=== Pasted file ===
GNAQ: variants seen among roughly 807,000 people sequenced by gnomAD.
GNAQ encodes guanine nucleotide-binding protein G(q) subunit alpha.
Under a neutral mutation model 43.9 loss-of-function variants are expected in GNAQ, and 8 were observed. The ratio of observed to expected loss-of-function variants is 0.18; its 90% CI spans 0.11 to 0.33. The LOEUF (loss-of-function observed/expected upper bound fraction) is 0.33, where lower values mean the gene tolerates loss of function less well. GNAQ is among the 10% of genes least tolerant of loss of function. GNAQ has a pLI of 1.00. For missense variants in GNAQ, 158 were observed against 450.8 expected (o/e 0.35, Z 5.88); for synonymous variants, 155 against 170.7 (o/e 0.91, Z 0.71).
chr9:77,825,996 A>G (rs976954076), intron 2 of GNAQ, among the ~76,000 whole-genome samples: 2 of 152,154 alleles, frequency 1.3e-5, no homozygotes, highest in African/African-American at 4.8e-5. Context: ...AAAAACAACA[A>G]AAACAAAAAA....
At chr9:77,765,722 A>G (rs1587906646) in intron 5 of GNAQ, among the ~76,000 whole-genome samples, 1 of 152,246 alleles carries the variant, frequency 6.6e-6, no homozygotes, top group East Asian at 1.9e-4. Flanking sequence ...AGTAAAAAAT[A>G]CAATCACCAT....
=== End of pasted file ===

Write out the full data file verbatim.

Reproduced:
GNAQ: variants seen among roughly 807,000 people sequenced by gnomAD.
GNAQ encodes guanine nucleotide-binding protein G(q) subunit alpha.
Under a neutral mutation model 43.9 loss-of-function variants are expected in GNAQ, and 8 were observed. The ratio of observed to expected loss-of-function variants is 0.18; its 90% CI spans 0.11 to 0.33. The LOEUF (loss-of-function observed/expected upper bound fraction) is 0.33, where lower values mean the gene tolerates loss of function less well. GNAQ is among the 10% of genes least tolerant of loss of function. GNAQ has a pLI of 1.00. For missense variants in GNAQ, 158 were observed against 450.8 expected (o/e 0.35, Z 5.88); for synonymous variants, 155 against 170.7 (o/e 0.91, Z 0.71).
chr9:77,825,996 A>G (rs976954076), intron 2 of GNAQ, among the ~76,000 whole-genome samples: 2 of 152,154 alleles, frequency 1.3e-5, no homozygotes, highest in African/African-American at 4.8e-5. Context: ...AAAAACAACA[A>G]AAACAAAAAA....
At chr9:77,765,722 A>G (rs1587906646) in intron 5 of GNAQ, among the ~76,000 whole-genome samples, 1 of 152,246 alleles carries the variant, frequency 6.6e-6, no homozygotes, top group East Asian at 1.9e-4. Flanking sequence ...AGTAAAAAAT[A>G]CAATCACCAT....